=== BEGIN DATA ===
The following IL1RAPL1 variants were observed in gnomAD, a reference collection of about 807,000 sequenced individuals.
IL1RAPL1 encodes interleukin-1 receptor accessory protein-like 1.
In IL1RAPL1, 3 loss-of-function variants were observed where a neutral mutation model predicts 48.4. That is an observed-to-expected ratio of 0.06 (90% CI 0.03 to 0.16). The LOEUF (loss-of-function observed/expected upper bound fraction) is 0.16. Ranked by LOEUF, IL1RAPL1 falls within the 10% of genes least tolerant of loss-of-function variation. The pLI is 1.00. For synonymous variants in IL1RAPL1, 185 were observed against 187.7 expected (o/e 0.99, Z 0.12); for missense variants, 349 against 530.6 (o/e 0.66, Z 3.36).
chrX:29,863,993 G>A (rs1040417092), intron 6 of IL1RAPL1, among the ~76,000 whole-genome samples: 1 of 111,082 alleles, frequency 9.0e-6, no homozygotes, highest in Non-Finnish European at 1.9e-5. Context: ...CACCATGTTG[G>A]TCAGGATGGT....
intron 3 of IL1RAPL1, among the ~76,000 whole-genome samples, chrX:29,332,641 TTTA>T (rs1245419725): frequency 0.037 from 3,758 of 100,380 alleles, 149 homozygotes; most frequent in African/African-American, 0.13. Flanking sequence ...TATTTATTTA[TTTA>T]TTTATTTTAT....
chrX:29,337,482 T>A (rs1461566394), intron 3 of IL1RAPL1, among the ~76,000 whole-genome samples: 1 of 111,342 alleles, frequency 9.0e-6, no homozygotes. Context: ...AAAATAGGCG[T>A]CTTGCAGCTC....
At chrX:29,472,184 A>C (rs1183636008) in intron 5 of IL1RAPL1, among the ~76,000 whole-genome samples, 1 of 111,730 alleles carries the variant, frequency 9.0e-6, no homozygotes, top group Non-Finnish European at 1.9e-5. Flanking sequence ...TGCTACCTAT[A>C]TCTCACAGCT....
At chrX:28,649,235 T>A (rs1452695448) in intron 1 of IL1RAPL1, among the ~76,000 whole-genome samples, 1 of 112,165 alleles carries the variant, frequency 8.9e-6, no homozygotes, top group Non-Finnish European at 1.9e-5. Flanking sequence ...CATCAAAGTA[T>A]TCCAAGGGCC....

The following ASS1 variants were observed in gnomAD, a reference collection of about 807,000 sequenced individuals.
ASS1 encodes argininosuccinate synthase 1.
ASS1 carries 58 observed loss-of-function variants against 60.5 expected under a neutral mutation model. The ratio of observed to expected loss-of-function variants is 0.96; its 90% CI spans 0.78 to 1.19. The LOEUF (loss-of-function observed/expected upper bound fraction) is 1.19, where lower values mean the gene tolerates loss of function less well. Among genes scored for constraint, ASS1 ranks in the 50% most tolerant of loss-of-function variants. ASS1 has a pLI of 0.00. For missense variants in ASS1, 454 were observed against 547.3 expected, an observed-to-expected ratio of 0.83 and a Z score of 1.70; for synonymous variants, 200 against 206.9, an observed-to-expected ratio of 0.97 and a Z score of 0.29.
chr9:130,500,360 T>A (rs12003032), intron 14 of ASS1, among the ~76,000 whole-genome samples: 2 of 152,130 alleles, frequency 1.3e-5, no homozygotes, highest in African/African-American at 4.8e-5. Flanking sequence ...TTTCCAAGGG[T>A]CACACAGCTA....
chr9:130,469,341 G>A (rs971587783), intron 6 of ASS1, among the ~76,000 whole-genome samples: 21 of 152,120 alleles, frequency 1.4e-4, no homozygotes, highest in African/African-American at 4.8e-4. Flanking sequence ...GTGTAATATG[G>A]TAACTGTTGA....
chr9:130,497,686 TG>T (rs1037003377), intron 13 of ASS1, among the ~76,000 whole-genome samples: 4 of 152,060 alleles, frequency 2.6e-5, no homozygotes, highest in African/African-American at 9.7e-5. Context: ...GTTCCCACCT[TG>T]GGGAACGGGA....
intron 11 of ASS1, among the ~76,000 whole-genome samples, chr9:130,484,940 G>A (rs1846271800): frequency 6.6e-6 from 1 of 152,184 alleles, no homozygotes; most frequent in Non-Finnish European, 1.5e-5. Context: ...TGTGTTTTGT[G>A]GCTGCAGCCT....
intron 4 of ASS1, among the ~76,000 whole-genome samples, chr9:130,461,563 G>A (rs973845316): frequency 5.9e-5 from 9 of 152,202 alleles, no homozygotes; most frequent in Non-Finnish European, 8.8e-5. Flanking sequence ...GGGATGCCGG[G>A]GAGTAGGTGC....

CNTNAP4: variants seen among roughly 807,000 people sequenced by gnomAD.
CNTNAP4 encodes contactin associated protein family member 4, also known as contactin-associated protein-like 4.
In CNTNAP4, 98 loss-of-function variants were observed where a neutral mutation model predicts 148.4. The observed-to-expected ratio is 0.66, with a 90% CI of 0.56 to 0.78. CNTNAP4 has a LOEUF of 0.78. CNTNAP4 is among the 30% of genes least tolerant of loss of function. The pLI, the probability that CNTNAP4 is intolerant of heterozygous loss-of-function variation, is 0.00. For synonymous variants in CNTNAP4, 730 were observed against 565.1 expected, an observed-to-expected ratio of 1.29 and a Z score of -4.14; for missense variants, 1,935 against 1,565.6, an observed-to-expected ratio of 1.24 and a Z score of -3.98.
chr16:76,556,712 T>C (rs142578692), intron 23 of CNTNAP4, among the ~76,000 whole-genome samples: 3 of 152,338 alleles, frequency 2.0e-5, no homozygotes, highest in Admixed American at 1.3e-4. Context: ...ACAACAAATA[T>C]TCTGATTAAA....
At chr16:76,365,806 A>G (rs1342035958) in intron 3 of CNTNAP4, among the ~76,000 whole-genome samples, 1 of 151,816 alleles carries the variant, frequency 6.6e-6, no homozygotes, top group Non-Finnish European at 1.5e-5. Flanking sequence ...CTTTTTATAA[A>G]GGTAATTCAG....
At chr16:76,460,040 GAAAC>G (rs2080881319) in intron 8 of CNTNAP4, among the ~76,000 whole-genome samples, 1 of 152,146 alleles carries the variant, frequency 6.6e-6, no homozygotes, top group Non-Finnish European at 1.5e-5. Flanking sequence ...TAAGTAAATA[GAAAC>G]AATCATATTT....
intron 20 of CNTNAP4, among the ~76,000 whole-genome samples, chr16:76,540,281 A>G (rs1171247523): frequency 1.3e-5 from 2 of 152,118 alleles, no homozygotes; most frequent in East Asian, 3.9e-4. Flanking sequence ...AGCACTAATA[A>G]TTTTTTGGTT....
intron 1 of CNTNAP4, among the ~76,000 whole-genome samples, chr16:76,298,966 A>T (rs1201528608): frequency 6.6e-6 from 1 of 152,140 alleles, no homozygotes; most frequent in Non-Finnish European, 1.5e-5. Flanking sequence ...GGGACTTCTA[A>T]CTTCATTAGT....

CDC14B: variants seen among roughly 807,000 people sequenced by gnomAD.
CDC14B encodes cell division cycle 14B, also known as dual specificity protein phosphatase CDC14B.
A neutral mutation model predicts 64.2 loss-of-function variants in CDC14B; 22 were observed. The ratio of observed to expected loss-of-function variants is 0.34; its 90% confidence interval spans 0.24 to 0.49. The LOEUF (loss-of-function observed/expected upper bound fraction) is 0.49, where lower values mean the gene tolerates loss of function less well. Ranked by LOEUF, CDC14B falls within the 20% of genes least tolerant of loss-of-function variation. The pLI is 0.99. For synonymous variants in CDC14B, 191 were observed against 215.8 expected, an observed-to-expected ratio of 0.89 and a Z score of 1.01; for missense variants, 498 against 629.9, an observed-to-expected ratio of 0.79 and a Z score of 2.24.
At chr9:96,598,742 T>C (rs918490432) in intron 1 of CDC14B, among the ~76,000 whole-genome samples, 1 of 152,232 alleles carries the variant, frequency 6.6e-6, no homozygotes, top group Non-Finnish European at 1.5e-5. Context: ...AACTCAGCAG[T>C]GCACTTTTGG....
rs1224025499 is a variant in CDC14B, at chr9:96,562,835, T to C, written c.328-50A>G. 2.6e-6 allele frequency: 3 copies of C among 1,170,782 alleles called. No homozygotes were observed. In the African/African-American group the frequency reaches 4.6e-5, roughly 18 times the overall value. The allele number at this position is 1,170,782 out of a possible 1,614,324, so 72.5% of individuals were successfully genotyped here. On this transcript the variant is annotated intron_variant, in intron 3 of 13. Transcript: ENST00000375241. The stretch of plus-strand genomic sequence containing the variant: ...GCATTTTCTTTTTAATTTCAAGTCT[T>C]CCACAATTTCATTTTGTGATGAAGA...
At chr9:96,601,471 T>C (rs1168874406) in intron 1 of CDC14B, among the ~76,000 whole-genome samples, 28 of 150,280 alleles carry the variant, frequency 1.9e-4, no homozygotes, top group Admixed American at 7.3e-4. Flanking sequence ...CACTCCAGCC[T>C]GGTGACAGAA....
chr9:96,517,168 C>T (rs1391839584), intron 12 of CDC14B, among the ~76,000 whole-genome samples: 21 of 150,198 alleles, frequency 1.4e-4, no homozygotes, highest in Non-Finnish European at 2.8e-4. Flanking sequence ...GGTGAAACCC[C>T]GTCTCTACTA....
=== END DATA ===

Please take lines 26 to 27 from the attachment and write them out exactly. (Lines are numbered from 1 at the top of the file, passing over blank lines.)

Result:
CDC14B encodes cell division cycle 14B, also known as dual specificity protein phosphatase CDC14B.
A neutral mutation model predicts 64.2 loss-of-function variants in CDC14B; 22 were observed. The ratio of observed to expected loss-of-function variants is 0.34; its 90% confidence interval spans 0.24 to 0.49. The LOEUF (loss-of-function observed/expected upper bound fraction) is 0.49, where lower values mean the gene tolerates loss of function less well. Ranked by LOEUF, CDC14B falls within the 20% of genes least tolerant of loss-of-function variation. The pLI is 0.99. For synonymous variants in CDC14B, 191 were observed against 215.8 expected, an observed-to-expected ratio of 0.89 and a Z score of 1.01; for missense variants, 498 against 629.9, an observed-to-expected ratio of 0.79 and a Z score of 2.24.